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Look for trouble

November 11, 2016

 

Hot heart, cold mind. Those are attributes of successful activists. They feel passionately about their cause. At the same time, to have any success, they must be coldly analytical. That means dealing with facts, especially facts that are uncomfortable and inconvenient. Here are the roles of research:

 

To map your environment. To make things happen, you need to know who and where the decision-makers are, and what's important to them. You need to know your access routes. You need to know who opposes you, who competes with you, who can collaborate with you, the costs of coalition. Map these connections.

 

To develop an answer. What's the most effective change you can make? Research your issue's history. Understand what's worked and what hasn't. Are there analogous issues? What can you learn from their advocates? Is your issue understood and defined correctly? Are the terms exhausted or out of date? Do they look forward or backward?

 

To understand your audiences. What language do people use when they talk about your issue? Do they feel it's urgent or believe it has little to do with them? What values — like fairness — are bound up with your issue? What emotions, like grief or fear or hope? What calculations of self-interest or tribal advantage? What stories surround it?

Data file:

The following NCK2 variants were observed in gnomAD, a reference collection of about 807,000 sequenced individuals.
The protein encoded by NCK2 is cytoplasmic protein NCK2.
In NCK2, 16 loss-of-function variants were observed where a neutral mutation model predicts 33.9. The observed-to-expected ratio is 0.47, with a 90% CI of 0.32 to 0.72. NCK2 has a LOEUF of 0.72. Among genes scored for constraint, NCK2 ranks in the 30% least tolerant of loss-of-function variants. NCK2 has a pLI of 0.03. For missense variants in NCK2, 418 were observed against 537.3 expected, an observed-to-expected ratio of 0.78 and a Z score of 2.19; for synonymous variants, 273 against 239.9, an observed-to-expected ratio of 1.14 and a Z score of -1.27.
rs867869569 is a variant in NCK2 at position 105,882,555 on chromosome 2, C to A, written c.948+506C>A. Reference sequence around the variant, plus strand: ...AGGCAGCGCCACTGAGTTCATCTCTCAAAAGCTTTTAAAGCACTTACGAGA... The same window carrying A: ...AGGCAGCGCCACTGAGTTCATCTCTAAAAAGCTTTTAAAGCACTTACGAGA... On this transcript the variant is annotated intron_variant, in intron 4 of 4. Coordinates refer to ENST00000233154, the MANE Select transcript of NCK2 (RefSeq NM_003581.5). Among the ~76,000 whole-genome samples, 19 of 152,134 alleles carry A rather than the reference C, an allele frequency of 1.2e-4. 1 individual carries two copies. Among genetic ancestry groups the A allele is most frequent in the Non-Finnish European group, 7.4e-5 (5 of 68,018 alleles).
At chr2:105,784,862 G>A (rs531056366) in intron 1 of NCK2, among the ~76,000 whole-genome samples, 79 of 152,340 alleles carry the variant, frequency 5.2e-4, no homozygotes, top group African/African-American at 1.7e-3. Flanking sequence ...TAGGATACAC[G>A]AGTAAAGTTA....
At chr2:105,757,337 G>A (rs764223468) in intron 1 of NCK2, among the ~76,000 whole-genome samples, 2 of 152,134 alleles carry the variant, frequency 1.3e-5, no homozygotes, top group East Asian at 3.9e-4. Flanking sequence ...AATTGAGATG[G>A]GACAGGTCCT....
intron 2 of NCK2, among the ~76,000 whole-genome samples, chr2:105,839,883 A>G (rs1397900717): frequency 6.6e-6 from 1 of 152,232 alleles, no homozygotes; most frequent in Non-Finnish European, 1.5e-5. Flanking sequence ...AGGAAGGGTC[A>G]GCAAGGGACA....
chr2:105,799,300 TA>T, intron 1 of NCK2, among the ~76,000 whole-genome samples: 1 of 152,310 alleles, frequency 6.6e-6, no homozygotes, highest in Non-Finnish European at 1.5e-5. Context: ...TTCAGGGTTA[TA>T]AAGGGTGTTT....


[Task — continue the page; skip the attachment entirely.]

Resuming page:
To make the most of your assets. Where are you strongest and your opponent weakest? What is the most efficient way to channel your message to key audiences — not only through media, but also through more trusted personal networks? What skills do staff and volunteers already have? Are they deployed rewardingly? How much money have people put in?

 

To measure your progress. How can you tell if you're moving closer to your goal? What metrics make real sense to measure change? How can these be communicated to others? At what point would you decide to change your approach, message or analysis? (Hint: Challenge your strategy all along. Organize a "red team" to anticipate what opponents will do.)

 

Polling and message testing are costly. Sometimes, you can take advantage of the research your opponents have done: reverse engineer their campaign and see what you can learn. But to win, you need to define the issue to your advantage. Don't play catch-up. Don't play defense. Always go looking for trouble.

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